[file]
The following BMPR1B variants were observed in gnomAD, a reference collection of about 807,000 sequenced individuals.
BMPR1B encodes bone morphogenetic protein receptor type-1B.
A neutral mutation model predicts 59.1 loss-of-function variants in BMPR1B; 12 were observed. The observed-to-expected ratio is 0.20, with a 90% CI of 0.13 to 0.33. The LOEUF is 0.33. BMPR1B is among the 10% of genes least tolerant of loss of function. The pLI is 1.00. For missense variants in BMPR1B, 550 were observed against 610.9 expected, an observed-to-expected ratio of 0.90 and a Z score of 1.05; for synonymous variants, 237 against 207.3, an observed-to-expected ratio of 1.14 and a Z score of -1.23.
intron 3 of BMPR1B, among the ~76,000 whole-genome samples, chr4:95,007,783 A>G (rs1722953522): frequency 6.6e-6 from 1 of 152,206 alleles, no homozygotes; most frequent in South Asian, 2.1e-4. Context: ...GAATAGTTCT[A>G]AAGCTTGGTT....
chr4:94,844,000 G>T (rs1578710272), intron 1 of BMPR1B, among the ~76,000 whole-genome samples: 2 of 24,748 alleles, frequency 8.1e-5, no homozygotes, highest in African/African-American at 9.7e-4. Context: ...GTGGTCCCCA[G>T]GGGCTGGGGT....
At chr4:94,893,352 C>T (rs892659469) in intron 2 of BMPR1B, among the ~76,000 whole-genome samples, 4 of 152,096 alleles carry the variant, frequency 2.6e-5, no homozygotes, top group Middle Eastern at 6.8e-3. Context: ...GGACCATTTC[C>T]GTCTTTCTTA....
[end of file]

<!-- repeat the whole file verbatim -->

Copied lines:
The following BMPR1B variants were observed in gnomAD, a reference collection of about 807,000 sequenced individuals.
BMPR1B encodes bone morphogenetic protein receptor type-1B.
A neutral mutation model predicts 59.1 loss-of-function variants in BMPR1B; 12 were observed. The observed-to-expected ratio is 0.20, with a 90% CI of 0.13 to 0.33. The LOEUF is 0.33. BMPR1B is among the 10% of genes least tolerant of loss of function. The pLI is 1.00. For missense variants in BMPR1B, 550 were observed against 610.9 expected, an observed-to-expected ratio of 0.90 and a Z score of 1.05; for synonymous variants, 237 against 207.3, an observed-to-expected ratio of 1.14 and a Z score of -1.23.
intron 3 of BMPR1B, among the ~76,000 whole-genome samples, chr4:95,007,783 A>G (rs1722953522): frequency 6.6e-6 from 1 of 152,206 alleles, no homozygotes; most frequent in South Asian, 2.1e-4. Context: ...GAATAGTTCT[A>G]AAGCTTGGTT....
chr4:94,844,000 G>T (rs1578710272), intron 1 of BMPR1B, among the ~76,000 whole-genome samples: 2 of 24,748 alleles, frequency 8.1e-5, no homozygotes, highest in African/African-American at 9.7e-4. Context: ...GTGGTCCCCA[G>T]GGGCTGGGGT....
At chr4:94,893,352 C>T (rs892659469) in intron 2 of BMPR1B, among the ~76,000 whole-genome samples, 4 of 152,096 alleles carry the variant, frequency 2.6e-5, no homozygotes, top group Middle Eastern at 6.8e-3. Context: ...GGACCATTTC[C>T]GTCTTTCTTA....